American Olive Oil Producers Association

Uniting Diverse Industry Stakeholders

Founded in 2012, the American Olive Oil Producers Association is the unified voice for American olive oil producers and their state associations. AOOPA advocates in Washington, DC, state capitols and with partners around the world for policies for fair global market access for all producers; to support effective testing, standards and regulations; and to promote education about the quality and culinary and health benefits of olive oil.  AOOPA’s mission is to promote growth for the American olive oil industry, create fair access to global markets, and ensure the integrity and quality of olive oil for all consumers.

Approximately 42,000 acres are planted for olive oil in the US, specifically in California, Arizona, Texas, Georgia, Florida, Oregon, and Hawaii. The state and size of the industry varies significantly from state to state, as do growing conditions and the status of the research and technologies to address them.  To function as an effective national voice, AOOPA must help stakeholders with varying needs weigh and agree on tactics that benefit the entire industry. 

US olive oil producers faces economic challenges from lower quality imports mislabeled as extra virgin olive oil that undercut US pricing.  The New York Times article “Extra Virgin Suicide,” for example, notes that many Italian producers export adulterated oil and that there are no regulations to prevent these practices.   A 2010 study by the University of California, Davis, found that 69 percent of imported olive oils labeled as “extra virgin” failed International Olive Council sensory standards. A 2011 follow-up project by UC Davis and the Australian Oils Research Laboratory had nearly identical findings.  About 95% of olive oil produced in the US exceeds all standards for extra virgin olive oil.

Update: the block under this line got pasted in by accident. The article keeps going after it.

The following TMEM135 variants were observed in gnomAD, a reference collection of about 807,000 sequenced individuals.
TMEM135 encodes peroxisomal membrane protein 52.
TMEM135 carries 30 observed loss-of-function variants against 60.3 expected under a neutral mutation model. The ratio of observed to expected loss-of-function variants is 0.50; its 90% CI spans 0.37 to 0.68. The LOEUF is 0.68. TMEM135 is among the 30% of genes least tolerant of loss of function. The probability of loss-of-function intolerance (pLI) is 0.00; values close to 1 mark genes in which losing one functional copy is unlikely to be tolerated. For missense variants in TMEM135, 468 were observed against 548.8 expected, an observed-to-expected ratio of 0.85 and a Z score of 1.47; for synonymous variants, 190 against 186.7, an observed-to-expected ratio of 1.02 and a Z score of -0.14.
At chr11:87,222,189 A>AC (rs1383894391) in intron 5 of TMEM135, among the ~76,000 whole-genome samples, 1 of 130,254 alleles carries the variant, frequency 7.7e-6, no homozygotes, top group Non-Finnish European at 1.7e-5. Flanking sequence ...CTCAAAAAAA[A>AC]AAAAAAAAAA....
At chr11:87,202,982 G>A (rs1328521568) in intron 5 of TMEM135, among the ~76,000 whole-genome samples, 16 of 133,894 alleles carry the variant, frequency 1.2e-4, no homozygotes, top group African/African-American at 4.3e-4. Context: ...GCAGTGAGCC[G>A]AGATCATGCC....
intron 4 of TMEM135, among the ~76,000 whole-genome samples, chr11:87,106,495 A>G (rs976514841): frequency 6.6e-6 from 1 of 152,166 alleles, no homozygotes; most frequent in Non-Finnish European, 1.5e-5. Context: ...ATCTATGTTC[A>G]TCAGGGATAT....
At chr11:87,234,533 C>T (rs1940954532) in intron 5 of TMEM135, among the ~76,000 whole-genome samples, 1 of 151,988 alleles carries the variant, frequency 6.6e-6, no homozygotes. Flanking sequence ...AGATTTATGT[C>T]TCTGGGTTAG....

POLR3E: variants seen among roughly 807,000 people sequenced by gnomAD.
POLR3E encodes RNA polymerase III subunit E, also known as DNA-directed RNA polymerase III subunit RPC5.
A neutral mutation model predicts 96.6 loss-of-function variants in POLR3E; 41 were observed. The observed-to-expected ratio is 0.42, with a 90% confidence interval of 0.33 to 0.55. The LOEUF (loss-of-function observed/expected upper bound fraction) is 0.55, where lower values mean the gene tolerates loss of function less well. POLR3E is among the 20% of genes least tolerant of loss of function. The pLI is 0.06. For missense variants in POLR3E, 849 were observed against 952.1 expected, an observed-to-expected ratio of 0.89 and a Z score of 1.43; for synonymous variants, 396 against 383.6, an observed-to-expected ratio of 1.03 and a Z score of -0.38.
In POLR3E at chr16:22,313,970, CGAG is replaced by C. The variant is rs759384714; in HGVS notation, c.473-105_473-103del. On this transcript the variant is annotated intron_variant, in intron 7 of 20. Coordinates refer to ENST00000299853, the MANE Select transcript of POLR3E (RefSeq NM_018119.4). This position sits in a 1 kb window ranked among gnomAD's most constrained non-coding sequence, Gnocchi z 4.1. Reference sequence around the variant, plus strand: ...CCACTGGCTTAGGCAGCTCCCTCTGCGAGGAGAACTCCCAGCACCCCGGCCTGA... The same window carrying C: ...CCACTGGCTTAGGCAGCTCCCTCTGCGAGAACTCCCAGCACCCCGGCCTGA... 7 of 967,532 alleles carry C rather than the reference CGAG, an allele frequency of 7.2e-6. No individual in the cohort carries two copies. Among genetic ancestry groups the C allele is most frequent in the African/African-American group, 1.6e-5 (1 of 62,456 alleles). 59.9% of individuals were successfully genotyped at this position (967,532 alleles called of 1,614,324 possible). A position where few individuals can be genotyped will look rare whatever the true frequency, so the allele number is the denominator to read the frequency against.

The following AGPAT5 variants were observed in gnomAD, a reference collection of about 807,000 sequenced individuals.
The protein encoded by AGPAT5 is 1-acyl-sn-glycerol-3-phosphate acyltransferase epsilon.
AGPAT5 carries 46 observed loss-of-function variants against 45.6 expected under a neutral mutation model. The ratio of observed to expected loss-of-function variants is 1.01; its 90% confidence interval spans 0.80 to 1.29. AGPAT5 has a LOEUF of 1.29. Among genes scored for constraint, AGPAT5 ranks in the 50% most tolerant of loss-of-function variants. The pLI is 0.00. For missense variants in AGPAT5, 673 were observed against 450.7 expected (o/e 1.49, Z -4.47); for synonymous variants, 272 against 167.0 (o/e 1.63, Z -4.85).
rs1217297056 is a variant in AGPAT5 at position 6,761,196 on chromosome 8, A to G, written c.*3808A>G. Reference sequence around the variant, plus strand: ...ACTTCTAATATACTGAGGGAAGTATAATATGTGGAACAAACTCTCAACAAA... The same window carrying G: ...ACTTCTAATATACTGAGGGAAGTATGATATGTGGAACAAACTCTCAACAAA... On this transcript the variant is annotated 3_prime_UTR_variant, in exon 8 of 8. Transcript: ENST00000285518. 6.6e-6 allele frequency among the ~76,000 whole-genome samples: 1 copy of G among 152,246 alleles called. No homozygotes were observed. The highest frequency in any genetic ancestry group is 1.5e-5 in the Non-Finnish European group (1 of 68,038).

In the face of the issues faced by the industry, AOOPA reached out to Morrison & Company regarding the USDA Specialty Crop Research Initiative (SCRI) grant, with a compelling argument for applying.

AOOPA applied for a USDA SCRI Research and Extension Planning Project grant, with assistance from Morrison & Company. Funding was awarded for a strategic planning project for the industry’s top stakeholders to identify challenges affecting the industry and potential research projects.  Morrison & Company’s People Solutions team was engaged to serve as third-party facilitators to guide a two-day strategy session at the UC Davis Olive Center on the University of California, Davis, campus.  The participants were a diverse group representing growers; olive oil producers and marketers; trade associations; university researchers from California, Florida, Texas, Georgia; and others.  Accordingly, there were several perspectives and viewpoints to consider and accommodate. 

We interviewed 31 stakeholders prior to the strategy session to gain a better picture of what the industry is facing across the country. Throughout the strategy session, the group discussed the needs of various stakeholders (e.g., by state and industry segments including growers, consumers, producers, and researchers) and potential projects.

While the participants arrived with a variety of potential projects and goals, the structured yet open facilitation process led to all viewpoints being heard and agreement on a research project to benefit the US olive oil industry as a whole and to give consumers assurance that the olive oil they buy – regardless of origin – meets extra virgin status if that is identified on the bottle.

Perhaps the most common reaction from participants was surprise that agreement on a priority could be reached over a two-day session.  Follow-up steps were laid out and the proposed research project will be designed in part as a basis for further grant funding efforts to support the needed research.